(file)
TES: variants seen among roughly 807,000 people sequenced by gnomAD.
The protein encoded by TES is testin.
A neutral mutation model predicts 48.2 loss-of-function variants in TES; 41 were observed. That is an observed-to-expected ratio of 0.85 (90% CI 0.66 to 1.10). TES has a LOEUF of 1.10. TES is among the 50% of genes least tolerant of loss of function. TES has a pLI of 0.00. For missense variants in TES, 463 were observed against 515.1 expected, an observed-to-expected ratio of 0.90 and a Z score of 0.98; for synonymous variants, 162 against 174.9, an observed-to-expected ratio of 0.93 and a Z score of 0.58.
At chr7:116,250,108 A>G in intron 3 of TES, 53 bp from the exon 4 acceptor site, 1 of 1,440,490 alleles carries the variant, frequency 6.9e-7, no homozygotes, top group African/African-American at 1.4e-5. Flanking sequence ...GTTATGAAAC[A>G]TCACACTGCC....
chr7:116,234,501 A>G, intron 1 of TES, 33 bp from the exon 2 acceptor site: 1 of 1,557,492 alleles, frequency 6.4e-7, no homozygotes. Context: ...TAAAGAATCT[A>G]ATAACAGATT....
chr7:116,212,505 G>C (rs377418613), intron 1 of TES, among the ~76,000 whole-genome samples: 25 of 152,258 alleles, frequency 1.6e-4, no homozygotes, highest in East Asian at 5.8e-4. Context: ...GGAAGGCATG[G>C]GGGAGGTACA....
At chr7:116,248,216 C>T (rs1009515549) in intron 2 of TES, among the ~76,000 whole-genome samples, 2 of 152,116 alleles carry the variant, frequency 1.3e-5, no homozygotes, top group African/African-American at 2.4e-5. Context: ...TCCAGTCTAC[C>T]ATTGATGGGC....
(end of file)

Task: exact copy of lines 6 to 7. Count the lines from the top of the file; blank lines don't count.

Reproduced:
chr7:116,212,505 G>C (rs377418613), intron 1 of TES, among the ~76,000 whole-genome samples: 25 of 152,258 alleles, frequency 1.6e-4, no homozygotes, highest in East Asian at 5.8e-4. Context: ...GGAAGGCATG[G>C]GGGAGGTACA....
At chr7:116,248,216 C>T (rs1009515549) in intron 2 of TES, among the ~76,000 whole-genome samples, 2 of 152,116 alleles carry the variant, frequency 1.3e-5, no homozygotes, top group African/African-American at 2.4e-5. Context: ...TCCAGTCTAC[C>T]ATTGATGGGC....